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How to Deploy Keycloak & Postgres with Docker Compose

Anastasios Antoniadis

Discover how to effortlessly set up Keycloak with PostgreSQL for secure authentication in your applications using Docker Compose. This ultimate guide provides step-by-step instructions, best practices, and tips to streamline your authentication system.

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In application development, a secure and efficient user authentication system is crucial. Fortunately, Docker Compose, Keycloak, and PostgreSQL can work together to provide a powerful solution for managing authentication services with ease and flexibility. This guide is designed to help you integrate Keycloak, an open-source Identity and Access Management solution, with PostgreSQL using Docker Compose. Doing so gives you a robust authentication system for your applications.

The importance of secure authentication cannot be overstated in today’s digital age, where data breaches and unauthorized access are ever-looming threats. By the end of this article, you will have a comprehensive understanding of setting up Keycloak with PostgreSQL in a Dockerized environment, ensuring your applications are fortified with a secure, scalable, and manageable authentication system.

Understanding the Components

Docker Compose

Docker Compose is a tool for defining and running multi-container Docker applications. With a simple YAML file, you can configure your application’s services, networks, and volumes, and then, with a single command, you can create and start all those services. It simplifies application deployment and scalability, making it indispensable for developers.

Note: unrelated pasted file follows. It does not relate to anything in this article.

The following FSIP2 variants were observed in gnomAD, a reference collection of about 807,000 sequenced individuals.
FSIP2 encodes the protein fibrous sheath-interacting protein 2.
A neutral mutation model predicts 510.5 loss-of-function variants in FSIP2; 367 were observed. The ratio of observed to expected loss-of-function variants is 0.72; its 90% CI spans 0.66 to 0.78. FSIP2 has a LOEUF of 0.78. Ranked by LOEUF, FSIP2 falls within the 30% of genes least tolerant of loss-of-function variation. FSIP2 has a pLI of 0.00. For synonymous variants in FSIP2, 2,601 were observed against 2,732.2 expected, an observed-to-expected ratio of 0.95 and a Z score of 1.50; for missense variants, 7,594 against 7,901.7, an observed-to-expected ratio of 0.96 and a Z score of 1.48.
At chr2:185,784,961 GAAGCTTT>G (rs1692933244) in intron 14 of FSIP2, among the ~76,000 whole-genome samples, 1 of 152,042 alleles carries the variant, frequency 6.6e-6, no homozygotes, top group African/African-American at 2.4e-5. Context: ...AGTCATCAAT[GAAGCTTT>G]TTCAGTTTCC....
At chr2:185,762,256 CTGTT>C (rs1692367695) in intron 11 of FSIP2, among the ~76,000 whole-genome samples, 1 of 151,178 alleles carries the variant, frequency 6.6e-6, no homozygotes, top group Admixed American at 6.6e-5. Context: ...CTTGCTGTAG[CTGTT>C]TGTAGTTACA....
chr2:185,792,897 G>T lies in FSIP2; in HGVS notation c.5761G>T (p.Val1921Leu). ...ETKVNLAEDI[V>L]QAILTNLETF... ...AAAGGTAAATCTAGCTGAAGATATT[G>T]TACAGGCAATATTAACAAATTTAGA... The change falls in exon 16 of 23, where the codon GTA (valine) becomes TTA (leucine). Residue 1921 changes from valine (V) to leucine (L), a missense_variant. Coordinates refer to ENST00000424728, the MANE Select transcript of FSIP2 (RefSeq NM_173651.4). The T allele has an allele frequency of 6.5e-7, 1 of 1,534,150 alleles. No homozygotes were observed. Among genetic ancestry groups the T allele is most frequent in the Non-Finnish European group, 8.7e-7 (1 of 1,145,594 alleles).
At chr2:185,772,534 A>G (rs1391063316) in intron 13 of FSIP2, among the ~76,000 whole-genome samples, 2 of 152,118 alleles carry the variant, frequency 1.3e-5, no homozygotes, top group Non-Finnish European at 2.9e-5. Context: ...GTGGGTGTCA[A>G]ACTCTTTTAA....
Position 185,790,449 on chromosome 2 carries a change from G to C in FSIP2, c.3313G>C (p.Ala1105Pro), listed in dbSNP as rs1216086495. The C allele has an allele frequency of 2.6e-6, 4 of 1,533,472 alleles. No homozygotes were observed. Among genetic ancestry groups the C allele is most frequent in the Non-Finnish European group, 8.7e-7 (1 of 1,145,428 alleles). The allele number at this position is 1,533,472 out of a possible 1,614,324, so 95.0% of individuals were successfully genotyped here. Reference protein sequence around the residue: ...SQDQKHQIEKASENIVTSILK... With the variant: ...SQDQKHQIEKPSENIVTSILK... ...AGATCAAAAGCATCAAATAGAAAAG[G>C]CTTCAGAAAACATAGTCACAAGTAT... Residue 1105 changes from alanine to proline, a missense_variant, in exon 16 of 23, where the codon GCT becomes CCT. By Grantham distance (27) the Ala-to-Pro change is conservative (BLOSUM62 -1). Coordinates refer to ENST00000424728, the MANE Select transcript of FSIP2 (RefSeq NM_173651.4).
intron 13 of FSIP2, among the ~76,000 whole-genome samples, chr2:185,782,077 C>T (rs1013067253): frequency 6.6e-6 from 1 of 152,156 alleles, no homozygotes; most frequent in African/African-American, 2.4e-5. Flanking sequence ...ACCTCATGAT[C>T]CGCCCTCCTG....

Keycloak is an open-source Identity and Access Management solution for modern applications and services. It provides out-of-the-box support for managing users, credentials, roles, and federations and offers features like Single Sign-On (SSO), social login, and 2FA. Keycloak stands out for its flexibility and ease of integration into various platforms.


PostgreSQL is a powerful, open-source object-relational database system known for its reliability, feature robustness, and performance. When used with Keycloak, it is an excellent choice for storing user data and handling authentication requests.


Before diving into the setup process, ensure you have Docker and Docker Compose installed on your machine. A basic understanding of containerization, Docker networking, and authentication mechanisms will also be beneficial.

Setting Up the Environment

The heart of this setup is the Docker Compose file, which orchestrates the Keycloak and PostgreSQL services. Here’s a basic structure of what this file will look like:

version: '3'
    image: quay.io/keycloak/keycloak:latest
      - "8080:8080"
      - KEYCLOAK_ADMIN=admin
      - KC_HOSTNAME_ADMIN=localhost
      - KC_PROXY=edge
      - KC_HOSTNAME=localhost
      - KC_HEALTH_ENABLED=true
      - KC_DB=postgres
      - KC_DB_PASSWORD=password
      - KC_DB_SCHEMA=public